Neil Gaiman is quickly becoming my new favourite author.
To be honest, I’ve only read two novels by Gaiman: Stardust and now Neverwhere. My husband, however, is an avid graphic novel reader and he recently finished the entire Sandman collection, as well as several collections that take place within the Sandman Universe (such as Death and Lucifer). Although I haven’t read these stories myself, discussing them with my husband and having him show me bits and pieces of them has convinced me that Gaiman is a genius storyteller. My brother also spoke very fondly of The Ocean at the End of the Lane (which I think will be my next Gaiman endeavour) and American Gods. Neil Gaiman seems to be all around me lately, and I can’t say I mind!
Neverwhere is one of those books that I will never be able to describe or summarize. There is a lot going on in this relatively small (only just over 400 pages!) text, and much of what occurs is fantastical but still somehow totally realistic and mundane. It’s hard to put into words the vibe and tone of Neverwhere, but trust me when I say that if you love unique characters, thorough world-building, and the city of London in general, you will enjoy this wild ride. I can’t say too much about the plot because I feel like everything would be a spoiler since so much of the novel’s magic is down to the creation of this insane and yet wonderfully recognizable world, and I would urge anyone who has read any Gaiman and enjoyed it, or anyone who is interested in getting a feel for what Gaiman’s work is all about, to pick Neverwhere up. I feel, personally, that it gave me a truer sense of who Gaiman is as a writer than Stardust did because, rather than adhering to genre specific criteria as he did in creating Stardust, a fairytale, Neverwhere seems to be entirely of Gaiman’s own invention.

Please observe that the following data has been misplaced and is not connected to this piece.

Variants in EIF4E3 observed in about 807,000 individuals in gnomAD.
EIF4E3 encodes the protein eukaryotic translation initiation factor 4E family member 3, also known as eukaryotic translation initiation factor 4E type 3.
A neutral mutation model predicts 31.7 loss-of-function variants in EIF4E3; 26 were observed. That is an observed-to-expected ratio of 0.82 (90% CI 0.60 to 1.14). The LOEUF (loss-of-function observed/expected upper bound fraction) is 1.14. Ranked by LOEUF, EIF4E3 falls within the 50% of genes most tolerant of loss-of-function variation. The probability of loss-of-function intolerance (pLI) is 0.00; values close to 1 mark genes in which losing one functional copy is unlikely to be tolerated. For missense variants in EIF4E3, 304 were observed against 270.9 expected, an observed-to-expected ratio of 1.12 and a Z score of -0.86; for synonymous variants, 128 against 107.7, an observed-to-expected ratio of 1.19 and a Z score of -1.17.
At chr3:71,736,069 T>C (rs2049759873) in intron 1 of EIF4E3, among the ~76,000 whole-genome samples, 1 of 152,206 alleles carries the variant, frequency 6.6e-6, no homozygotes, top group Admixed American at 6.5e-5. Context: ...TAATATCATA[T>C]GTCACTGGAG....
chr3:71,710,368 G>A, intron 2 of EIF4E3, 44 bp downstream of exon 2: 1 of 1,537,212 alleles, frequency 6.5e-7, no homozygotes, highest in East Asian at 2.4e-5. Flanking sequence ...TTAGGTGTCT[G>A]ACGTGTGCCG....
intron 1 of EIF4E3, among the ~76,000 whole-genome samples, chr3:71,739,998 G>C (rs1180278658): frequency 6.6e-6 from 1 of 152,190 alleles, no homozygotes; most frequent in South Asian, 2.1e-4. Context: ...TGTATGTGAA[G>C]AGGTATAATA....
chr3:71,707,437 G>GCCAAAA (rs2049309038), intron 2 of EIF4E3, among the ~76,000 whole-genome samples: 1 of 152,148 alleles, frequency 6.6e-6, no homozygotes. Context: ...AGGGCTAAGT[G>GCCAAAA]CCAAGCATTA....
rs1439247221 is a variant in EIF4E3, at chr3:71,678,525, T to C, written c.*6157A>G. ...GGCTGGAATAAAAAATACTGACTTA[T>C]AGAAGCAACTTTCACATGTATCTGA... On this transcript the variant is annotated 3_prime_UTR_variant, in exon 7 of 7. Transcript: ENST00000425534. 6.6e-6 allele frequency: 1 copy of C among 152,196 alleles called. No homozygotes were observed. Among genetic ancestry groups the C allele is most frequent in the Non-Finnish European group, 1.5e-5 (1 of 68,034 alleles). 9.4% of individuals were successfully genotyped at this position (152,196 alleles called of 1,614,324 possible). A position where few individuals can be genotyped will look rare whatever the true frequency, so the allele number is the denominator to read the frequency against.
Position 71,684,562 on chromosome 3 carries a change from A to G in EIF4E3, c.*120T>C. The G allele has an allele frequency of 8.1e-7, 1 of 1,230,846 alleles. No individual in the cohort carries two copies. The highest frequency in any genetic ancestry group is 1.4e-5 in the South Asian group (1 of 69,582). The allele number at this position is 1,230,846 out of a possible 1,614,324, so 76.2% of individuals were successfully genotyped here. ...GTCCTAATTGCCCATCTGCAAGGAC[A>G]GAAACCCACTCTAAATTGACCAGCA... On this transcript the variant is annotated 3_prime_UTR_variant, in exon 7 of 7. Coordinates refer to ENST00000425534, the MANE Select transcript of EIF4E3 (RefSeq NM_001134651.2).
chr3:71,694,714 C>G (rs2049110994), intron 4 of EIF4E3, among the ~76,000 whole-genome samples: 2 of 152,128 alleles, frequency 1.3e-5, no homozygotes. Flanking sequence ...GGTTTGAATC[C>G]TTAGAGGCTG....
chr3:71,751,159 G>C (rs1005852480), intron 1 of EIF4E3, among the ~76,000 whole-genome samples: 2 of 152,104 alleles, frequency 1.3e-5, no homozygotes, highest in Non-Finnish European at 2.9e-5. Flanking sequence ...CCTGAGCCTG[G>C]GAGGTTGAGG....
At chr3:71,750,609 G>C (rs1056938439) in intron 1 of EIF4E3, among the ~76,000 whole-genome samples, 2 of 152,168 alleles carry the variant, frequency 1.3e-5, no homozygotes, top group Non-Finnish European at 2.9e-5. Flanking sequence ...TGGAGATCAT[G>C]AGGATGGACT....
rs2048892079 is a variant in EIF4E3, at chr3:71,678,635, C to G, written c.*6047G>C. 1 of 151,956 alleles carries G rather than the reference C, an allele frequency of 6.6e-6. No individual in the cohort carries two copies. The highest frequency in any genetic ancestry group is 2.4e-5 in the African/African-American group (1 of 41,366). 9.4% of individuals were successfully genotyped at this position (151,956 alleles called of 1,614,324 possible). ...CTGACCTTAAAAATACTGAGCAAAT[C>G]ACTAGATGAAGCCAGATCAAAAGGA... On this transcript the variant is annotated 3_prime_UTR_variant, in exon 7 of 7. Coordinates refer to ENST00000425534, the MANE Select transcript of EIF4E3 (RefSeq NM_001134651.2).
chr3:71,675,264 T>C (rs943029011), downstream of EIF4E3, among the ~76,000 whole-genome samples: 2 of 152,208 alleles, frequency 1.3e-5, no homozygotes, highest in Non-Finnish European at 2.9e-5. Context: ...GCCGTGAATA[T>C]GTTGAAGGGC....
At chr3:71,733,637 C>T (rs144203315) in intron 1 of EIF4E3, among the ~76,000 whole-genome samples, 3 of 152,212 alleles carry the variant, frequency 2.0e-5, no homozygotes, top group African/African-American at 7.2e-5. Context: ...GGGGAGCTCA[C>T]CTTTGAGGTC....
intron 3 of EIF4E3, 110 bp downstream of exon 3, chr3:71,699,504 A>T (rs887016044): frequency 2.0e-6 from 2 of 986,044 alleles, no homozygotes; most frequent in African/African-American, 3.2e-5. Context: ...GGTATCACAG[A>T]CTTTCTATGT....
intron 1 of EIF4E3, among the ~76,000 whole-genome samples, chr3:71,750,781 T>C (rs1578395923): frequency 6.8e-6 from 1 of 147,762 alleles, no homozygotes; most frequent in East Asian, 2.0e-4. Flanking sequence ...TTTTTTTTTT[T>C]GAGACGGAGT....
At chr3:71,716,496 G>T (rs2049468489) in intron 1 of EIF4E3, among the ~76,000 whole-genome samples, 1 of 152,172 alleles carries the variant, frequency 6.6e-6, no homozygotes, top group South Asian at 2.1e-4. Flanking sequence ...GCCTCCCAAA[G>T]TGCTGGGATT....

What I can comment thoroughly on, though, is Neil Gaiman’s mastery of the English language. The man can write, there’s scarcely any doubt about that, and what’s more, he seems to have mastered many different styles and genres of writing. Neverwhere felt exactly, to me, like it could’ve been written by Dickens and that is what I adored about it! Several of the scenes reminded me of something from the pages of my favourite Dickens novel Our Mutual Friend, and the way Gaiman constructs and describes his characters is very reminiscent of Great Expectations and Oliver Twist. I am particularly thinking of characters like Mr. Croup, Mr. Vandemar and the Marquis de Carabas, who are gritty and dirty and devious enough to have been created by Mr. Dickens himself. I believe that Gaiman was very much aware of how he was emulating Dickens’ style, but I also was amazed to find that the text felt so totally his own; it wasn’t a parody or an imitation at all, but it was certainly an homage to the great works of Victorian past.
“There are four simple ways for the observant to tell Mr. Croup and Mr. Vandemar apart: first, Mr. Vandemar is two and a half heads taller than Mr. Croup; second, Mr. Croup has eyes of a faded china blue, while Mr. Vandemar’s eyes are brown; third, while Mr. Vandemar fashioned the rings he wears on his right hand out of the skulls of four ravens, Mr. Croup has no obvious jewelry; fourth, Mr. Croup likes words, while Mr. Vandemar is always hungry. Also, they look nothing alike.”
“They walked down some impressive lobby. Then they waited while the footman lit each of the candles on a candelabra, of the sort normally only seen on paperback book covers, where it is traditionally clutched by a young lady in a flowing nightdress who is fleeing from the kind of manor house that only has one light on anywhere, burning in an attic window.”
Neverwhere is worth picking up for the beauty of its language. But what’s even more impressive is that the plot is exciting and the characters are both hilarious and feisty. The protagonist, Richard Mayhew, is a bumbling average guy who happens upon this totally outrageous adventure, and as a reader, it is so enjoyable to watch him navigate his way through circumstances that are outlandish and dangerous.
I thoroughly enjoyed everything about Neverwhere and I will not hesitate to continue plowing through Neil Gaiman’s catalogue. Highly recommend this one!
❥❥❥❥❥(out of 5)
Girl with a Green Heart